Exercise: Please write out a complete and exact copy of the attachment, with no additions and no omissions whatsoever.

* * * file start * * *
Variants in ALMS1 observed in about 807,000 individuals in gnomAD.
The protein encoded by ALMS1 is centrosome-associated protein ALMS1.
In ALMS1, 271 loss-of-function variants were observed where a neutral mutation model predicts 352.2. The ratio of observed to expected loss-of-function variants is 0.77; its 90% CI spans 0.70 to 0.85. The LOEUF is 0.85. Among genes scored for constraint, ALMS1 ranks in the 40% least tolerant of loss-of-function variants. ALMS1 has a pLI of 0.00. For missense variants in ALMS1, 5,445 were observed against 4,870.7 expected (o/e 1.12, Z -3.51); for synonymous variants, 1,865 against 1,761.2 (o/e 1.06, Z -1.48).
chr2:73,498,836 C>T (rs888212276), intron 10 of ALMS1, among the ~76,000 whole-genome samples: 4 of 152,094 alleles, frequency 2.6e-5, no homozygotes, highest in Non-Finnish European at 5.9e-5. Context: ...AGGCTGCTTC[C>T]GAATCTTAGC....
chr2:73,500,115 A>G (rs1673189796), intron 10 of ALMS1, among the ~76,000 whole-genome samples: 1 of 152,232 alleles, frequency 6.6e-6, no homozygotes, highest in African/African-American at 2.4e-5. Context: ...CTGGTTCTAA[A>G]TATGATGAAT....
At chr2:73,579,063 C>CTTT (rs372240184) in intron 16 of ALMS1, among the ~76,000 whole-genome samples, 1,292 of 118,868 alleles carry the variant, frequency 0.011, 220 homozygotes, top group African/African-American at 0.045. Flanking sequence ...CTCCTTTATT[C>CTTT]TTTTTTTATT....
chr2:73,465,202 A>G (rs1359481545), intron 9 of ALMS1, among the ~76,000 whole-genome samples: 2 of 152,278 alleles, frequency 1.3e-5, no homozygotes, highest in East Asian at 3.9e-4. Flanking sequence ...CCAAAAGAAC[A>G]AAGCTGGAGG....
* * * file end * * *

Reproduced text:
Variants in ALMS1 observed in about 807,000 individuals in gnomAD.
The protein encoded by ALMS1 is centrosome-associated protein ALMS1.
In ALMS1, 271 loss-of-function variants were observed where a neutral mutation model predicts 352.2. The ratio of observed to expected loss-of-function variants is 0.77; its 90% CI spans 0.70 to 0.85. The LOEUF is 0.85. Among genes scored for constraint, ALMS1 ranks in the 40% least tolerant of loss-of-function variants. ALMS1 has a pLI of 0.00. For missense variants in ALMS1, 5,445 were observed against 4,870.7 expected (o/e 1.12, Z -3.51); for synonymous variants, 1,865 against 1,761.2 (o/e 1.06, Z -1.48).
chr2:73,498,836 C>T (rs888212276), intron 10 of ALMS1, among the ~76,000 whole-genome samples: 4 of 152,094 alleles, frequency 2.6e-5, no homozygotes, highest in Non-Finnish European at 5.9e-5. Context: ...AGGCTGCTTC[C>T]GAATCTTAGC....
chr2:73,500,115 A>G (rs1673189796), intron 10 of ALMS1, among the ~76,000 whole-genome samples: 1 of 152,232 alleles, frequency 6.6e-6, no homozygotes, highest in African/African-American at 2.4e-5. Context: ...CTGGTTCTAA[A>G]TATGATGAAT....
At chr2:73,579,063 C>CTTT (rs372240184) in intron 16 of ALMS1, among the ~76,000 whole-genome samples, 1,292 of 118,868 alleles carry the variant, frequency 0.011, 220 homozygotes, top group African/African-American at 0.045. Flanking sequence ...CTCCTTTATT[C>CTTT]TTTTTTTATT....
chr2:73,465,202 A>G (rs1359481545), intron 9 of ALMS1, among the ~76,000 whole-genome samples: 2 of 152,278 alleles, frequency 1.3e-5, no homozygotes, highest in East Asian at 3.9e-4. Flanking sequence ...CCAAAAGAAC[A>G]AAGCTGGAGG....